Op-ed: Human Beings Are Not ‘Aliens’ And Their Children Are Not ‘Anchor Babies’

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(Photo/Creative Commons/ Lorie Shaull)

Recently, the Department of Justice prohibited U.S. Attorney’s offices around the country from using the term “undocumented” immigrants, and instead, ordered them to use the term “illegal alien,” according to an agency-wide email obtained by CNN.

As CNN’s Chris Cuomo remarked, it may be the legal term in the law, but the fact is that the term “undocumented” is simply not divisive enough for the Trump administration, whose MO is stirring up as much hatred and anti-immigrant sentiment as possible to continue advancing their agenda.

“The U.S. Attorneys are told to use the back-handed, legalese slur of ‘alien,’ as in ‘illegal alien,’” Cuomo said. “…Why don’t they want to say ‘undocumented?’ Too innocuous, not harsh enough. That wording was important enough for the Justice Department to send an agency-wide email.”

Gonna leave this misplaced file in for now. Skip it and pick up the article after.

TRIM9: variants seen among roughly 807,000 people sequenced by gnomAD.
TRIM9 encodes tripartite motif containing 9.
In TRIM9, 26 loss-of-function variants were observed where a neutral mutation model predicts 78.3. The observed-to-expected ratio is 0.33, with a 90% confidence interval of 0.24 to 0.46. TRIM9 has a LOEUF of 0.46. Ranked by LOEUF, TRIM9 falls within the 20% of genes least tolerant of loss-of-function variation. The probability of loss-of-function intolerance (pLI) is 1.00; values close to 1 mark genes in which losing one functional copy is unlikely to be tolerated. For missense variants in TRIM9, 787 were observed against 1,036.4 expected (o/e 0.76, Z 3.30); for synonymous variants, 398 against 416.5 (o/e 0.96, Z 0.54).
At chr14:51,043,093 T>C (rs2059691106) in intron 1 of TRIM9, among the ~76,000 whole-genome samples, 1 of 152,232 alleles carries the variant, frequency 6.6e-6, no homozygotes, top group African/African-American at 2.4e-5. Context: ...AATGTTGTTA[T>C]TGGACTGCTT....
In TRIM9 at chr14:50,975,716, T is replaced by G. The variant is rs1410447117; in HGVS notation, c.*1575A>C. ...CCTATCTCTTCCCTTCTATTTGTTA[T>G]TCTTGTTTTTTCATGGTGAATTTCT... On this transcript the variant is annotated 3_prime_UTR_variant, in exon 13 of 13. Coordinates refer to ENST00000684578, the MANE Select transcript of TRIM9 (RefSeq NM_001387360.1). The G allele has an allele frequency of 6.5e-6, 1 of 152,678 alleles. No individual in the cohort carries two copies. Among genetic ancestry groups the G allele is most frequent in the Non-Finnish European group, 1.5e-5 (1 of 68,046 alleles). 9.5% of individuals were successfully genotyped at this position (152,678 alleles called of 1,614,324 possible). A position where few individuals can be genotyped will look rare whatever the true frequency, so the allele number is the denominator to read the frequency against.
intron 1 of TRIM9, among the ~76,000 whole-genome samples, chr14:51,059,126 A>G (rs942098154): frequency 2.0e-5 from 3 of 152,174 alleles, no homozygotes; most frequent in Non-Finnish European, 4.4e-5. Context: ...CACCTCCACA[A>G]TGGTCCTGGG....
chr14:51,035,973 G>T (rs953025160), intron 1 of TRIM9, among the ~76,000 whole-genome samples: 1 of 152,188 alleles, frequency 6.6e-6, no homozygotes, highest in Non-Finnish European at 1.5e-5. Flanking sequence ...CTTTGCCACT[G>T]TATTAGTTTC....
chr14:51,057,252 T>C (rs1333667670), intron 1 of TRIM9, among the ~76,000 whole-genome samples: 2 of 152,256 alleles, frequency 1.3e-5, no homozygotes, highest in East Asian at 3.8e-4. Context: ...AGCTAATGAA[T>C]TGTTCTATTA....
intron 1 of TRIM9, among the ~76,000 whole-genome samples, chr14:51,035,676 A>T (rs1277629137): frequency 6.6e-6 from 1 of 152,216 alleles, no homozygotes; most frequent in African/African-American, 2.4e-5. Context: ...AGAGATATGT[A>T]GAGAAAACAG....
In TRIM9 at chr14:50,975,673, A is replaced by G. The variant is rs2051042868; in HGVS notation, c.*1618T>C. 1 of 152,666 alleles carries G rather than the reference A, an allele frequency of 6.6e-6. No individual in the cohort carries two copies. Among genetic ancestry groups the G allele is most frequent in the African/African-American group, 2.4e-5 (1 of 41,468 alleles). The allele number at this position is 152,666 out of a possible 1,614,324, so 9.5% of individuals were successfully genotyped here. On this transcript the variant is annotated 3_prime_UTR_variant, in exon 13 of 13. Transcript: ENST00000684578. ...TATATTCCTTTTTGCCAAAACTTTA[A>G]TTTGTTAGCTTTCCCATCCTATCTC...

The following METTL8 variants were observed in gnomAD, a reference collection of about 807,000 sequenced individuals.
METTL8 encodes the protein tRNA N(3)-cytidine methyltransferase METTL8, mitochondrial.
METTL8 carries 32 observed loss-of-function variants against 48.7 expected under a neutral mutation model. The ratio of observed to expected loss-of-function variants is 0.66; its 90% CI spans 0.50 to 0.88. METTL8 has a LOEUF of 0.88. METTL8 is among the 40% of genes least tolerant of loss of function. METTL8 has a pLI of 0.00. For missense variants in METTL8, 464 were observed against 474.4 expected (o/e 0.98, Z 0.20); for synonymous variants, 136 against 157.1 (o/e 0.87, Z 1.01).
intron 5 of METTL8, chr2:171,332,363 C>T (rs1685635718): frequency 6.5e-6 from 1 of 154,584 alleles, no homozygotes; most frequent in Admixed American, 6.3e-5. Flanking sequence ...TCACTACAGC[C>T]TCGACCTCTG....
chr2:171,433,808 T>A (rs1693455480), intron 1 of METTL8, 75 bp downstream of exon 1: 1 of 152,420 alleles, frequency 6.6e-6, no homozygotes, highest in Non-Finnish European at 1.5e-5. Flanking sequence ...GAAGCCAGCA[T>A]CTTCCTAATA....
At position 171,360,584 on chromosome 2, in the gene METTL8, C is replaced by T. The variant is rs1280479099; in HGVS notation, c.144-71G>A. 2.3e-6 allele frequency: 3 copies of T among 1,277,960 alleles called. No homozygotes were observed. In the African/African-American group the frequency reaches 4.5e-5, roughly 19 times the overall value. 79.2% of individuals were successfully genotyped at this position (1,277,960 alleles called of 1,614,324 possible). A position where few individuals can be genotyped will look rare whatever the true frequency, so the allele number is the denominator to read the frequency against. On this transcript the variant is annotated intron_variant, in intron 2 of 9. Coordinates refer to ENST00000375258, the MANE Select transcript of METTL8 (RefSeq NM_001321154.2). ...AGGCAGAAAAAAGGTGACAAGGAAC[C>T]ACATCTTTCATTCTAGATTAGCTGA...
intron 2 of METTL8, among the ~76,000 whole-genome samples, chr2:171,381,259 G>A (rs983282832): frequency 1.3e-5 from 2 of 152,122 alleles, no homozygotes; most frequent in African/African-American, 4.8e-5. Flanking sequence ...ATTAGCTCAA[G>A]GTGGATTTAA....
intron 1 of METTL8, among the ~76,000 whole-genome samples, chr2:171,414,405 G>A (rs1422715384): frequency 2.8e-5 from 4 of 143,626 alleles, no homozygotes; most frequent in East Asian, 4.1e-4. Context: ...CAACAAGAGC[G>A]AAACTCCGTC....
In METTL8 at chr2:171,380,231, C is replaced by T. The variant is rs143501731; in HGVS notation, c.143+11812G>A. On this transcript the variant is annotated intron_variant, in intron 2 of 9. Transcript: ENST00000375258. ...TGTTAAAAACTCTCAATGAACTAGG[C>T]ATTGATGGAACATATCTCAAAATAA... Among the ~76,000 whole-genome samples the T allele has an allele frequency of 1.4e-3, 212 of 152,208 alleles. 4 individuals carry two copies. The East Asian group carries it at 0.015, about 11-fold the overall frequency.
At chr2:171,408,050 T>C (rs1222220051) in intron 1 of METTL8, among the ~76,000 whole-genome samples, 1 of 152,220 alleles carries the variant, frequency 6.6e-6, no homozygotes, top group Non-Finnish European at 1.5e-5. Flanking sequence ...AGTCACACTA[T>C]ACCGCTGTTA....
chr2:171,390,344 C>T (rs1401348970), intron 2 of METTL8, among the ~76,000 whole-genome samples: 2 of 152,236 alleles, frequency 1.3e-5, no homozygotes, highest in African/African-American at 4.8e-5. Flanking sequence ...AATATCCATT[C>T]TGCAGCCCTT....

The White House’s insistence that the term “illegal alien” be used is an obvious testament to their anti-immigrant ambitions. It is well known that the term is legally defined in federal law, but the question is one of humanity. If we call human beings “illegal,” we make it more difficult for the public at-large to understand their plight, while instilling fear and anxiety in immigrants.

While news media like CNN have made conscious efforts to curb their use of the term “illegal immigrant,” not long ago, the practice was commonplace.

In 2015, the Washington Post’s headline of “For illegal immigrants with babies, the anchor pulls in many directions” draws a clear parallel to the slur “anchor babies.” The phrase is not only in bad taste, but it also undermines an immigrant’s essential right to a livelihood and personhood.

It was only in 2013 that the Associated Press Stylebook the reference text for proper style and language used by journalists everywhere decided to strike the use of the term “illegal immigrants.”

In the era of Trump, we should be especially mindful of the language we use when we refer to immigrants, considering that they are under even more intense scrutiny and duress than ever before in recent history.


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